Amen? Point two of Father's grief. Look with me at verses in 2 Samuel 18, starting at verse 33 going through 19 verse 4. And the king was deeply moved and went up to the chamber over the gate and wept. And as he went, he said, O my son Absalom, my son Absalom, would I had died instead of you, O Absalom, my son, my son. It was told Joab, behold, the king is weeping and mourning for Absalom. So the victory that day was turned into mourning for all the people, for the people heard that day. The king is grieving for his son.

And the people stole into the city that day as people still in who are ashamed when they flee in battle. The king covered his face and the king cried to the loud voice, O my son Absalom, Absalom, my son, my son. It is very clear to me that the Bible wants us to reflect on David's grief. The Scripture could have said here that Absalom died and David grieved deeply, but it doesn't stop there.

It gives us much more detail than that. We see David bent over in sorrow, crying out to his dead son who he knows is in hell and saying, Absalom, Absalom, my son Absalom, would to God that I had died in your place. In Michael Milton's book called Songs in the Night, it's a book on the sorrow that we see in the Bible. He lists three features of David's grief and I wanted to share those with you. Number one, it was a cry of loss.

David is crying from a broken heart. Now, David looks at Absalom in ways that the rest of Israel does not. The rest of Israel looked at Absalom. They saw him as a traitor, a traitor to Israel, a traitor to David, a traitor to God. They don't care about him. They're glad he's gone. David remembers Absalom as that fuzzy-headed little kid who he taught how to ride a horse, taught how to shoot an arrow.

He's that little boy, he remembers, who climbed up on his lap when he was two years old and went to sleep. Folks, we should never be ashamed to grieve over a loved one's death. Death hurts.

Death separates. When Lazarus died, the Scripture says Jesus wept. What's interesting to me is that Jesus knew that in just a couple of minutes, he was going to raise him back from the dead and he wept anyway. God gave us tears so that we could release emotions and not just explode on the inside. David was crying over his loss. He would never see his son again.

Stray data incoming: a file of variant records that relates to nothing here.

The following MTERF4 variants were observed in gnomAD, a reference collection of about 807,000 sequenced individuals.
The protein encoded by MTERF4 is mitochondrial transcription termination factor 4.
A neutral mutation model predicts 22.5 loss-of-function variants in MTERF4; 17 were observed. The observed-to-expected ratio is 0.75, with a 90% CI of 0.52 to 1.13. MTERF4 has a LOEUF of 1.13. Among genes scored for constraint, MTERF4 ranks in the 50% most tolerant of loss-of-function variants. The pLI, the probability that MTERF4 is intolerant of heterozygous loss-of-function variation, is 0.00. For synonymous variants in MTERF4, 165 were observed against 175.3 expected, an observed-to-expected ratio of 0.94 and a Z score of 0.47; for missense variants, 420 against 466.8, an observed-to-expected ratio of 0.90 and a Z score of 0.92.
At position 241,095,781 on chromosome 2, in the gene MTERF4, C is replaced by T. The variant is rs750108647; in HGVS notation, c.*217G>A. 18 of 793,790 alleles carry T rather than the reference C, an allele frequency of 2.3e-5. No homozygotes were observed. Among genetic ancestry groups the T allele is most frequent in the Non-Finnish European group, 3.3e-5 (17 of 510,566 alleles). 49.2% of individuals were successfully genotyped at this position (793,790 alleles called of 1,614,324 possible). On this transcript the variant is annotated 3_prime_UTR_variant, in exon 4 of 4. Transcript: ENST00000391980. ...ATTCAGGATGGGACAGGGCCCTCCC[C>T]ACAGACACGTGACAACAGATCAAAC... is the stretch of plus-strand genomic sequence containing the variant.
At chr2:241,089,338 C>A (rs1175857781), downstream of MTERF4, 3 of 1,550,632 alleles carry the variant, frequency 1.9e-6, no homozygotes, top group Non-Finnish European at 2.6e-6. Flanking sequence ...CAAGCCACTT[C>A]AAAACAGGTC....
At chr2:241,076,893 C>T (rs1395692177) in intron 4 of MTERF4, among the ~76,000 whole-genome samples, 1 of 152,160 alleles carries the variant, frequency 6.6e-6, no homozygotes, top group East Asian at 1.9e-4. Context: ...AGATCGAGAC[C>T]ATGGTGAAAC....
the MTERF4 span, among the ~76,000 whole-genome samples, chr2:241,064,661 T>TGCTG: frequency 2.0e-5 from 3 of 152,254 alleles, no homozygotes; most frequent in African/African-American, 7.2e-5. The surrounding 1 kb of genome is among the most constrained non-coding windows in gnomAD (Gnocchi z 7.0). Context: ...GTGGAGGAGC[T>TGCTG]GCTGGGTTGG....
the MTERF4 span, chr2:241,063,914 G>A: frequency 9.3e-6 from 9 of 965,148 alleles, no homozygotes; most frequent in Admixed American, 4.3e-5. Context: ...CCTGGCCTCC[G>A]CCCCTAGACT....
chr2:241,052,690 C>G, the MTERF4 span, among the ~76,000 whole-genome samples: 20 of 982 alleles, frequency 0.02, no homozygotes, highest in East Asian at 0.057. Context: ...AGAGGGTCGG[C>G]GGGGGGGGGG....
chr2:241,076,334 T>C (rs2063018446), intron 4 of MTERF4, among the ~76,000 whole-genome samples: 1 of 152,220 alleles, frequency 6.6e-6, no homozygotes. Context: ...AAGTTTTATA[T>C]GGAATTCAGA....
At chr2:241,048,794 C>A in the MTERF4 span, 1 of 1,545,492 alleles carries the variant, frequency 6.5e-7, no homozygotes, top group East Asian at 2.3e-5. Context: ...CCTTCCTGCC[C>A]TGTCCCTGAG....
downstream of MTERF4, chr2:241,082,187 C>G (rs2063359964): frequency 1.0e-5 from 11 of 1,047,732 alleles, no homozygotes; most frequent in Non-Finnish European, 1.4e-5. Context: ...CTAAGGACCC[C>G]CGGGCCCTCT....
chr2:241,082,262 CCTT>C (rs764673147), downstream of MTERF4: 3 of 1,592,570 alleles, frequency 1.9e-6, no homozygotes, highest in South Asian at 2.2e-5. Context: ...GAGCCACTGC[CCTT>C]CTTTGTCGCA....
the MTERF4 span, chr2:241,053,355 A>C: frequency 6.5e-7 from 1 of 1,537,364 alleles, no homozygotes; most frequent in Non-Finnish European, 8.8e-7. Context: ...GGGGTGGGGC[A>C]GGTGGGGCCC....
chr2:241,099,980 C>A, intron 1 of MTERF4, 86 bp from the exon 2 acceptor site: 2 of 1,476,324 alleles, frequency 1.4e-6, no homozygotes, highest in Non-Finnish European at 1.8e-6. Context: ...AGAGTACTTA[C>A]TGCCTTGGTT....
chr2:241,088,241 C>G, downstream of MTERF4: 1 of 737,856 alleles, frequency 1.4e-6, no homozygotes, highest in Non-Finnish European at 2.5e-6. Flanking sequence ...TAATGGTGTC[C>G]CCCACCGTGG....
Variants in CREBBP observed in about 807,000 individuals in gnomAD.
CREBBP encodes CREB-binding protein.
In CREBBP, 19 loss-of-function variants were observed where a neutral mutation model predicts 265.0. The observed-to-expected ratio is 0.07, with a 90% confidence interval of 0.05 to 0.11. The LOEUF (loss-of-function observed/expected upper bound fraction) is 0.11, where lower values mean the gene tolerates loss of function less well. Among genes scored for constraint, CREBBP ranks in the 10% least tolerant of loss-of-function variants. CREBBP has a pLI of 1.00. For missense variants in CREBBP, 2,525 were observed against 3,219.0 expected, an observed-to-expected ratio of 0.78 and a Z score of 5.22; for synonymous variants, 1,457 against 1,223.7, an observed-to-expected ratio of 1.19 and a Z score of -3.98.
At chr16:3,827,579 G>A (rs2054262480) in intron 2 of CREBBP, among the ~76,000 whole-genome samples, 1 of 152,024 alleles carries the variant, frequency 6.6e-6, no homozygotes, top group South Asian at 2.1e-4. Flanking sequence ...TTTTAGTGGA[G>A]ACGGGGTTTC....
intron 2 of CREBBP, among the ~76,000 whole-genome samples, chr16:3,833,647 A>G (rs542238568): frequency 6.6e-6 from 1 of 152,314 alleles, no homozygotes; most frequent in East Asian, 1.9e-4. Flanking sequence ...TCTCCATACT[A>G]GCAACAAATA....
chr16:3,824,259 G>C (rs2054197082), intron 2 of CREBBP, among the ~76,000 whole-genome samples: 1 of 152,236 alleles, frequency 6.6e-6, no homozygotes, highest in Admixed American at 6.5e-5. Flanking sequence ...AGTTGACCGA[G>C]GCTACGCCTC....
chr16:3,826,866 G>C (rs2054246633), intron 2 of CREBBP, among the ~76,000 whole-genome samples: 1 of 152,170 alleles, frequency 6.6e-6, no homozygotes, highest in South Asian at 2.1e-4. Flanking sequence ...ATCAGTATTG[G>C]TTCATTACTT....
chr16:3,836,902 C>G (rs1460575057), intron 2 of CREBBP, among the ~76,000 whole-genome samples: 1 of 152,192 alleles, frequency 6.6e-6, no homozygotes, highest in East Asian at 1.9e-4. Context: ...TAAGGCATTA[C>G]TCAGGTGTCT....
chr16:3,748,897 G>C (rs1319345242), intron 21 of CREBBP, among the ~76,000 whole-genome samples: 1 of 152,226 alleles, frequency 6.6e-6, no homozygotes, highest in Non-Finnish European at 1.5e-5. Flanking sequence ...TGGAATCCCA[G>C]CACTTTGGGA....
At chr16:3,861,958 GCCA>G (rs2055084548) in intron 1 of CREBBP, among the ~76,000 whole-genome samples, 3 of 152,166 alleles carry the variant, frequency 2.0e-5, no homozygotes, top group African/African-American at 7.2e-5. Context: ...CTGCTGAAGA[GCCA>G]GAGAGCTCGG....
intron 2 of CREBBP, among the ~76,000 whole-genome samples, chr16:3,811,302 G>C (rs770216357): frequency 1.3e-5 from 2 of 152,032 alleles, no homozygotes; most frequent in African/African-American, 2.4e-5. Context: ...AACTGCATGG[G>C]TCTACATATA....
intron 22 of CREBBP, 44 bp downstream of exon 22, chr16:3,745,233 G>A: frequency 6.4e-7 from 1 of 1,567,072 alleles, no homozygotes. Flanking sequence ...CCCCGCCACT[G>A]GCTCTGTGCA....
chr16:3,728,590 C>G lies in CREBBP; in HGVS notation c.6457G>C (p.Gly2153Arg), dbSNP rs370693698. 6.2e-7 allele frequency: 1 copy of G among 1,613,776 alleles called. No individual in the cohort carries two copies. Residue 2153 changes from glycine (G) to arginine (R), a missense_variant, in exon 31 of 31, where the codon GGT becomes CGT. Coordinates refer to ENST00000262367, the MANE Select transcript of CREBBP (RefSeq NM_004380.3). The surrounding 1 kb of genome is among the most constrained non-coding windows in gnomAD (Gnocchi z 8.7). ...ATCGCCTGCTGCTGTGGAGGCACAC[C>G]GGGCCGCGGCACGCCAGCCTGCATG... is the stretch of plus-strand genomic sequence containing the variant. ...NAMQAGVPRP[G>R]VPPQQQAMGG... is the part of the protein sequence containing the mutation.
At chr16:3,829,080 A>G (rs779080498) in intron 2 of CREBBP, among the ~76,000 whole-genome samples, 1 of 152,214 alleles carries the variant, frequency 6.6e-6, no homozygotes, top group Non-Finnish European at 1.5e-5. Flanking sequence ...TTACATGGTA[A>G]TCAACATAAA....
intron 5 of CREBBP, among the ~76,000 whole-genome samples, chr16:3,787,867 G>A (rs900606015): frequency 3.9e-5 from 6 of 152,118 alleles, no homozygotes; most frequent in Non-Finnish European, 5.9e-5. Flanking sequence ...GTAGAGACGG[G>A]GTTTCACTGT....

Number two, it was a cry of regret, a cry of regret. David's sorrow was multiplied because of his own guilt. And when David confessed to Nathan the prophet about his sin with Bathsheba and he repented of that, Nathan gave him a prophecy of what was going to happen to him. And that prophecy is going around and around and around in David's mind. In 2 Samuel chapter 12, verse 9 through 12, it says this, Why have you despised the word of God?

This is Nathan speaking. To what is evil in his sight? You have struck down Uriah the Hittite with a sword, and have taken his wife to be your wife, and have killed him with a sword of the Ammonites. Now therefore the sword shall never depart from your house, because you have despised me and have taken the wife of Uriah the Hittite to be your wife.

Thus says the Lord, Behold, I will raise up evil against you and out of your own house, and I will take your wives before your eyes and give them to your neighbor. He shall lie with your wives in the sight of the sun, for you did it secretly, but I will do this thing before all Israel and before the sun. David had failed as a daddy. He spent very little time training and nurturing and teaching his son Absalom. Now I know that the king of Israel, I know his time was precious, and I know he didn't have much extra time. But you know he had time to commit adultery, didn't he?

He had time to conspire against Uriah to have him put to death, didn't he? You know the truth of the matter is, what we really want to do, we find time to do. I have a lot of people tell me, I'd like to read the Bible, I just don't have time.

If you want to read the Bible, you will make time to read the Bible. Folks, we pretty much do what we want to do, and that was so with David. Because of David's guilt, he failed to be a disciplinarian to his children. Amnon raped his sister Tamar, David did nothing. Absalom would go into these fits of anger and rage, David did pretty much nothing. Proverbs 13 24 says it well, he who spares the rod hates his son. This proved true in David's life. If Absalom had died a believer who loved God and loved David, then it would have been much, much easier for David to take. But the regret fueled by that legitimate guilt is what devastated David.